One hundred and sixty patients undergoing minor surgical procedures were randomly allocated to receive either thiopentone or propofol for induction of anaesthesia. All patients were assessed in the recovery period for the development of postanaesthetic shivering. Twenty patients (25%) in the thiopentone group and 8 patients (10%) in the propofol group developed postanaesthetic shivering (P <0.05). There was no statistically significant difference in tympanic temperature between shivering and non-shivering patients. Propofol as an induction agent is associated with a lower incidence of postanaesthetic shivering as compared to thiopentone.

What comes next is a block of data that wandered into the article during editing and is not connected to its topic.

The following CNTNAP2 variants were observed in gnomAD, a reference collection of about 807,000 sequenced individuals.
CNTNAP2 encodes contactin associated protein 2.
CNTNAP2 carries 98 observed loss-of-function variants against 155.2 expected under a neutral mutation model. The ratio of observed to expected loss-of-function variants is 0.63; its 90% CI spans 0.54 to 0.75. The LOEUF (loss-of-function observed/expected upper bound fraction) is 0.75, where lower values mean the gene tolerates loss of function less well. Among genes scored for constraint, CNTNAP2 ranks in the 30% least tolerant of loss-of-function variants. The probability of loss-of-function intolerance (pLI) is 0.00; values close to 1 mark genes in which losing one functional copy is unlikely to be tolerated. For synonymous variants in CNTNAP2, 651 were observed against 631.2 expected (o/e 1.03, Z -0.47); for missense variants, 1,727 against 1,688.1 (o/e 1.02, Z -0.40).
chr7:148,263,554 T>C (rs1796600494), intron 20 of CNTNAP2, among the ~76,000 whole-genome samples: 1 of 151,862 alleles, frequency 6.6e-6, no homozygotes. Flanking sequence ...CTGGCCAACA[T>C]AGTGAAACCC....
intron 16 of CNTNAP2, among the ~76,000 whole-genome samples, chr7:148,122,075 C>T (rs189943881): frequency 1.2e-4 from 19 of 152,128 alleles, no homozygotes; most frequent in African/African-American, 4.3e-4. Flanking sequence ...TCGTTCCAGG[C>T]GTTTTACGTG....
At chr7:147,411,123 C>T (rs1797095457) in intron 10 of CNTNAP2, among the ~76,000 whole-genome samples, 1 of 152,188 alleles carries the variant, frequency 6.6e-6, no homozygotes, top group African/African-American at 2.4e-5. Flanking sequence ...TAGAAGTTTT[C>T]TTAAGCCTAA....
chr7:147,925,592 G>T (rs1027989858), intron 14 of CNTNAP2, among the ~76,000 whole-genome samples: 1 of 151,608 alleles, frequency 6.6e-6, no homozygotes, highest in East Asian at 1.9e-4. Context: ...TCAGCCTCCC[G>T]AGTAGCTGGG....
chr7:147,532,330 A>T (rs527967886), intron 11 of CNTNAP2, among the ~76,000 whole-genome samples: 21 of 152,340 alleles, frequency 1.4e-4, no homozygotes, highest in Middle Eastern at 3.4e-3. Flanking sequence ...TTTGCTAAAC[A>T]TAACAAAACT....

The incidence of shivering following general anaesthesia varies from 5% to 65%. Postanaesthetic shivering may increase tissue oxygen demand by as much as 500% and accompanied by increases in minute ventilation and cardiac output to maintain aerobic metabolism.
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